UAMS Researchers Receive $1.8 Million to Study Common Mechanisms Shared by Alzheimer’s, Other Diseases

By Ben Boulden

Robert Shmookler Reis, D. Phil, professor in the UAMS College of Medicine’s Donald W. Reynolds Department of Geriatrics, and Srinivas Ayyadevara, associate professor in same department, are the co-principal investigators leading the study. Co-investigators are Steve Barger, Ph.D., professor in the Departments of Geriatrics and Neurobiology & Developmental Sciences, and Alan Tackett, professor in the Department of Biochemistry & Molecular Biology.

The goal of the research is to identify what different neurodegenerative diseases like Alzheimer’s disease have in common with other age-progressive diseases and conditions such as heart disease, muscle wasting, kidney disease, and type 2 diabetes.

Protein aggregation — clustering or clumping of protein molecules — has long been recognized as a hallmark of neurodegenerative diseases like Alzheimer’s and Parkinson’s.

“We were the first ones to show that protein aggregation happens not just in the brain, but also in the heart, skeletal muscle and kidney with age and age-associated diseases,” Ayyadevara said.  Reis added, “The misfolding of proteins, which contributes to protein aggregation, is promoted by stress and inflammation, accumulating with age.”

Reis said the team has looked at protein aggregation for nearly a decade, funded by grants from the U.S. Department of Veteran Affairs.  For the last two years, it has also been supported as part of a multi-investigator National Institutes of Health (NIH) grant led by Sue Griffin, Ph.D., professor and vice chair of research at the UAMS Donald W. Reynolds Institute on Aging.  Peter Crooks, Ph.D., D.Sc., chair and professor of the Department of Pharmaceutical Sciences in the UAMS College of Pharmacy, developed novel derivatives of anti-inflammatory drugs.

As part of the NIH grant, Crooks, Reis, Ayyadevara, and graduate student Samuel Kakraba tested these drugs for their ability to inhibit protein aggregation and to extend life. One drug, PNR502, was the main subject of a recently awarded patent covering several bioactive compounds.

“It not only inhibits further protein aggregation but even appears to reverse it,” Ayyadevara said. “Working with Dr. Barger, we will examine whether it can preserve youthful functions in the hearts and brains of normal mice, and in a mouse model of Alzheimer’s.”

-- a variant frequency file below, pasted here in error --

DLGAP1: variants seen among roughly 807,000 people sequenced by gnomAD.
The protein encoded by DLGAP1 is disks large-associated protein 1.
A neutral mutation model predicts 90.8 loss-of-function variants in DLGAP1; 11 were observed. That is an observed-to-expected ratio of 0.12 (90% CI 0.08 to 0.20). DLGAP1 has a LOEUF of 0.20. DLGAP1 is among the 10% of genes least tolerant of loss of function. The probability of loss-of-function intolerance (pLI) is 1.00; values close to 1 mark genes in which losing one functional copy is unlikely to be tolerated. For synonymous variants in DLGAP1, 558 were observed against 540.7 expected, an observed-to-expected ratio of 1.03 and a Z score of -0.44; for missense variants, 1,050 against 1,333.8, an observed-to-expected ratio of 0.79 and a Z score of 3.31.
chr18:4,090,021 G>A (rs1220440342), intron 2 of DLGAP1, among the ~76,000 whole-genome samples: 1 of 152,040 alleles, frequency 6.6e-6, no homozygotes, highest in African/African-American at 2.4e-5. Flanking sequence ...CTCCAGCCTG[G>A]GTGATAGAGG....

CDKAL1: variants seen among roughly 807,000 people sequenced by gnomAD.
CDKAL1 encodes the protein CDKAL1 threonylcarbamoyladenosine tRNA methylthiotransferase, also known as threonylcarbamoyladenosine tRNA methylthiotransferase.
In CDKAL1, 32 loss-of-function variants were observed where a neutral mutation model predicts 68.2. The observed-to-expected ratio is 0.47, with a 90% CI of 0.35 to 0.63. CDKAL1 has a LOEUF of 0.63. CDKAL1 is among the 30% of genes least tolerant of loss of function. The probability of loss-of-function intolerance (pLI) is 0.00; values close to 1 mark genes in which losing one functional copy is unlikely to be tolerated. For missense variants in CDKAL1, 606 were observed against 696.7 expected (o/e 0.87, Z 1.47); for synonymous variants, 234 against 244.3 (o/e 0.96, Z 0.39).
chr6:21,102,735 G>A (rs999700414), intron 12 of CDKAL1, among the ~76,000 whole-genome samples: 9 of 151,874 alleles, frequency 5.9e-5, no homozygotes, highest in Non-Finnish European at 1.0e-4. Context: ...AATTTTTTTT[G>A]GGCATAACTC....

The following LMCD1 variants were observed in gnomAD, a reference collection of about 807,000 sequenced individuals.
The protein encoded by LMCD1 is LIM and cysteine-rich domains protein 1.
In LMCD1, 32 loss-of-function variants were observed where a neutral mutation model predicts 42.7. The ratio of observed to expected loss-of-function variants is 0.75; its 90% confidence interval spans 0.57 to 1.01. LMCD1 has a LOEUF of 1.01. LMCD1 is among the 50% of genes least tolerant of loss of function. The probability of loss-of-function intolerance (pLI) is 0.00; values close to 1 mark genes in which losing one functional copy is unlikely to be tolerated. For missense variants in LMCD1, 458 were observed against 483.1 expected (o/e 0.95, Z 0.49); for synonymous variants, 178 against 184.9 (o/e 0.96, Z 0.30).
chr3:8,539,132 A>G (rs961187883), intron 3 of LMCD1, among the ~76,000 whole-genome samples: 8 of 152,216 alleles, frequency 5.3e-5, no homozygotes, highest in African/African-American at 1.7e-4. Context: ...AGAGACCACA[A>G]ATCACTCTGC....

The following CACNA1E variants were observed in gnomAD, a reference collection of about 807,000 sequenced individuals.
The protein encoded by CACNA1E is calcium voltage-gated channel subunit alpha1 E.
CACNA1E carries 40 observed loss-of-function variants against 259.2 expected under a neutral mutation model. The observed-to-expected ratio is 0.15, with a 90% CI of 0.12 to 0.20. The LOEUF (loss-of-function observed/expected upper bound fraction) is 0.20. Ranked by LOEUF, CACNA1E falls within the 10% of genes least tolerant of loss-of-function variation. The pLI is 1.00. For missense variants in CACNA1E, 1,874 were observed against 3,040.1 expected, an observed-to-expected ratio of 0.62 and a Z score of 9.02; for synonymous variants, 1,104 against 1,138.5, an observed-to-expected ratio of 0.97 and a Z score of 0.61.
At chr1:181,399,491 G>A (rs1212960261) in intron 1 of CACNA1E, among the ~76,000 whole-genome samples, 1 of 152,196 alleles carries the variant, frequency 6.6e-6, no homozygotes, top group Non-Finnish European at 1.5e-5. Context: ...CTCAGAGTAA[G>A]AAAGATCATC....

“We have shown that protein aggregation accompanies aging of all tissues, and probably contributes causally to most or all age-associated diseases,” said Reis. “This fundamental molecular process may underlie most of the deterioration that defines aging. It’s a Pandora’s box that holds all the things that go wrong as we get older, so it offers an unprecedented opportunity to finally understand how and why so many disparate factors contribute to aging.”



UAMS is the state’s only health sciences university, with colleges of Medicine, Nursing, Pharmacy, Health Professions and Public Health; a graduate school; hospital; northwest Arkansas regional campus; statewide network of regional centers; and six institutes: the Winthrop P. Rockefeller Cancer Institute, Jackson T. Stephens Spine & Neurosciences Institute, Harvey & Bernice Jones Eye Institute, Psychiatric Research Institute, Donald W. Reynolds Institute on Aging and Translational Research Institute. It is the only adult Level 1 trauma center in the state. UAMS has 2,727 students, 822 medical residents and five dental residents. It is the state’s largest public employer with more than 10,000 employees, including 1,200 physicians who provide care to patients at UAMS, its regional campuses throughout the state, Arkansas Children’s Hospital, the VA Medical Center and Baptist Health. Visit www.uams.edu or www.uamshealth.com. Find us on FacebookTwitterYouTube or Instagram.

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